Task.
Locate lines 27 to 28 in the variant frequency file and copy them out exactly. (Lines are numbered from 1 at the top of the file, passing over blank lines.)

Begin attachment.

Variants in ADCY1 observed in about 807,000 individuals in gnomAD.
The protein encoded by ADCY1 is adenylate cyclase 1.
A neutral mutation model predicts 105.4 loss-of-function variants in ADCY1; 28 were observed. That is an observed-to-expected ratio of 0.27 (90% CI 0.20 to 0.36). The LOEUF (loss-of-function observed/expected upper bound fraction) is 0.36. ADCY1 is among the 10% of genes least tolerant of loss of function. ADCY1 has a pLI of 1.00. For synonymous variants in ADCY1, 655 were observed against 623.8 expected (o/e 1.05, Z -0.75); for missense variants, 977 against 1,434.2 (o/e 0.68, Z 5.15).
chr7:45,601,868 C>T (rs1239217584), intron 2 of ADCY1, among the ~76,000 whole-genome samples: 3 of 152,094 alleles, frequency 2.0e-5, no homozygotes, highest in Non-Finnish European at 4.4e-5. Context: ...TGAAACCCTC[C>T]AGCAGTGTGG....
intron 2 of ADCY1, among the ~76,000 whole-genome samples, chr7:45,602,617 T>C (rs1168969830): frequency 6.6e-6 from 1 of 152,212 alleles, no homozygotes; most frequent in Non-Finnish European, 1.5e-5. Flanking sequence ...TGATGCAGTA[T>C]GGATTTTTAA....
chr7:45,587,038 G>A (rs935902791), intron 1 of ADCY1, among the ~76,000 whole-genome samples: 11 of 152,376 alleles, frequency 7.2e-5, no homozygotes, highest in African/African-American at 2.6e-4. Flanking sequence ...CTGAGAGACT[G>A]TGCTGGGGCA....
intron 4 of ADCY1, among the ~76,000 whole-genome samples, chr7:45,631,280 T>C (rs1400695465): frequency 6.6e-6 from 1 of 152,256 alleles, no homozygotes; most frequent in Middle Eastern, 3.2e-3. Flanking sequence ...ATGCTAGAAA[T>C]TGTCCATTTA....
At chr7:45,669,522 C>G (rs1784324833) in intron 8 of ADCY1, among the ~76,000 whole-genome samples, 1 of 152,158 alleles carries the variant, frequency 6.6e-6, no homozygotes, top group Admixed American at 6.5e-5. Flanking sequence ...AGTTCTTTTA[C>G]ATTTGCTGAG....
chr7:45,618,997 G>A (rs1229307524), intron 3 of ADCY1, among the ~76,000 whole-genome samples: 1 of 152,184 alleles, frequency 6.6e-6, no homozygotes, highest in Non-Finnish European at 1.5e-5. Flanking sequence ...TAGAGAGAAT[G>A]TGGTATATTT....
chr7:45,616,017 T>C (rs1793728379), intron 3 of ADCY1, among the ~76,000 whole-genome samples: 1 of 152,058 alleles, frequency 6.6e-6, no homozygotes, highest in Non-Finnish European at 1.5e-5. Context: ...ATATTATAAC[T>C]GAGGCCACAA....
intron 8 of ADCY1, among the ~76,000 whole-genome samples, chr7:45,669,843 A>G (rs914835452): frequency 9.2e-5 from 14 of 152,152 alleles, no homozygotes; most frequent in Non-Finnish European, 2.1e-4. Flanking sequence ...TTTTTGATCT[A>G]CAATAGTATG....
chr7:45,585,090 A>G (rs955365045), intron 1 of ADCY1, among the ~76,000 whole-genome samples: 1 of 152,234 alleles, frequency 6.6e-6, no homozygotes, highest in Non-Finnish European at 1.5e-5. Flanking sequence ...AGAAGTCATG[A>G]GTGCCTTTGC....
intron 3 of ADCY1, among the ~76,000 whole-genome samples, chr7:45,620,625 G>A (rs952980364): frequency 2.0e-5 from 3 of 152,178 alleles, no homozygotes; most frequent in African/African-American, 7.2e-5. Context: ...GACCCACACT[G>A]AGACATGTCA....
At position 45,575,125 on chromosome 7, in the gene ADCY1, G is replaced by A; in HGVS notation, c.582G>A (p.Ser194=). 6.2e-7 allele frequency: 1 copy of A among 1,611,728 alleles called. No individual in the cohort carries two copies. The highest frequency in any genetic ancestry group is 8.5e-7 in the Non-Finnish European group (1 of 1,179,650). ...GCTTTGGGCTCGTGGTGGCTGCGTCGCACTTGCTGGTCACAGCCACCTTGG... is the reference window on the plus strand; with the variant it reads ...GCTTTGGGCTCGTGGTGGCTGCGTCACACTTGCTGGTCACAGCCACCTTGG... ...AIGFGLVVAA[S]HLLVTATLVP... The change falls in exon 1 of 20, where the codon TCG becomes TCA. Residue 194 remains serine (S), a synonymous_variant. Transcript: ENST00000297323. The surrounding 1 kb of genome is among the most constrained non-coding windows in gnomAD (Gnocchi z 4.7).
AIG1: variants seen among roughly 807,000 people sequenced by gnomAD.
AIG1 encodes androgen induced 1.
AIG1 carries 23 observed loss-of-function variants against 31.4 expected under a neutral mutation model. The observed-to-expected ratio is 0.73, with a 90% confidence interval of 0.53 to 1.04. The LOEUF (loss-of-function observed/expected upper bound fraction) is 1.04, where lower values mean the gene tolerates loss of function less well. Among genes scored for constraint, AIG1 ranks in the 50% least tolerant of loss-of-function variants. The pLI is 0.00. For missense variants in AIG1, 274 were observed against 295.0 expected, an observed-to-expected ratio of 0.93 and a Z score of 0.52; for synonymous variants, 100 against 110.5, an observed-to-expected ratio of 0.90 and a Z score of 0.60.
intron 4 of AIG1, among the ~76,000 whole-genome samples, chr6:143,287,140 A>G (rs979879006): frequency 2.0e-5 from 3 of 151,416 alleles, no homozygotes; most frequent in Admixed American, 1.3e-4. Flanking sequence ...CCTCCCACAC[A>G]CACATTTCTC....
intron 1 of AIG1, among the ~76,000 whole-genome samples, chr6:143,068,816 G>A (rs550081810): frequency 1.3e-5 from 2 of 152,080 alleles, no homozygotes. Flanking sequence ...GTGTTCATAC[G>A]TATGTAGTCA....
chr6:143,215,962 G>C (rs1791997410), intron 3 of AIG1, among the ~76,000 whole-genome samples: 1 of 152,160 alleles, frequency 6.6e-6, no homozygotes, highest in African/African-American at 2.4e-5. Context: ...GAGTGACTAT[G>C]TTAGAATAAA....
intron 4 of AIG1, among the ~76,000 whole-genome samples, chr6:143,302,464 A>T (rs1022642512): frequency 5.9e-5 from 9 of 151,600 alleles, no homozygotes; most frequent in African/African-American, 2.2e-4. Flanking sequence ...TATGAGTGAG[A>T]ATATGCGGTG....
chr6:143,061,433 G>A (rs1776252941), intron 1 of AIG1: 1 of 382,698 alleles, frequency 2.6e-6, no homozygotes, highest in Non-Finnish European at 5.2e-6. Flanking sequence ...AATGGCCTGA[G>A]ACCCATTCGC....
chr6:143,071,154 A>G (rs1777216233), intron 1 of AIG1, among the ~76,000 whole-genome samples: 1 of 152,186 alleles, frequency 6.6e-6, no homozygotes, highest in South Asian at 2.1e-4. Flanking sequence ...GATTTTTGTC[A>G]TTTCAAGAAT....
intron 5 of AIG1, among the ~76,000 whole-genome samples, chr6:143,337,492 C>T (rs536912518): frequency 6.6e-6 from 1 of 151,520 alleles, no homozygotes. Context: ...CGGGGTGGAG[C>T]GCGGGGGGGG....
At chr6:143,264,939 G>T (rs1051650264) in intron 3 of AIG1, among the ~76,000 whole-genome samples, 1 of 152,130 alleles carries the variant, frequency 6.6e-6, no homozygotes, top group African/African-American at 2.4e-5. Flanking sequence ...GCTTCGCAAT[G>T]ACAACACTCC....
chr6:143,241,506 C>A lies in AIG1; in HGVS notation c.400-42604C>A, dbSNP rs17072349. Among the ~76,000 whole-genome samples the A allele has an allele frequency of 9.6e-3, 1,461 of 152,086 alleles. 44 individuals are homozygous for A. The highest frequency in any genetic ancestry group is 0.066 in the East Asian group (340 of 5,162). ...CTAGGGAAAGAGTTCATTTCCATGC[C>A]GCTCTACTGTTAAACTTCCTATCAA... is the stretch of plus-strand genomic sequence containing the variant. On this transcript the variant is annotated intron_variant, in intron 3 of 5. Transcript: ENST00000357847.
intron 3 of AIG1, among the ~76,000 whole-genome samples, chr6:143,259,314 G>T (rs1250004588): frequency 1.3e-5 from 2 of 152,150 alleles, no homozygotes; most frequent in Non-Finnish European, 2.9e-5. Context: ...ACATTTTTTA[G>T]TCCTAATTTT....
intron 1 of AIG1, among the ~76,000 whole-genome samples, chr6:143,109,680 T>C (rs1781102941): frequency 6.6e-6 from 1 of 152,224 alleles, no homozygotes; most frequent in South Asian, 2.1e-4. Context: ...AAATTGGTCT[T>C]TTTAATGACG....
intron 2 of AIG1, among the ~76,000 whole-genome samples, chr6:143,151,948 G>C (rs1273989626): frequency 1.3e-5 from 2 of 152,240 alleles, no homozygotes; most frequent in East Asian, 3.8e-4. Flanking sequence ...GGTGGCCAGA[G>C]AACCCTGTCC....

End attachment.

intron 3 of AIG1, among the ~76,000 whole-genome samples, chr6:143,259,314 G>T (rs1250004588): frequency 1.3e-5 from 2 of 152,150 alleles, no homozygotes; most frequent in Non-Finnish European, 2.9e-5. Context: ...ACATTTTTTA[G>T]TCCTAATTTT....
intron 1 of AIG1, among the ~76,000 whole-genome samples, chr6:143,109,680 T>C (rs1781102941): frequency 6.6e-6 from 1 of 152,224 alleles, no homozygotes; most frequent in South Asian, 2.1e-4. Context: ...AAATTGGTCT[T>C]TTTAATGACG....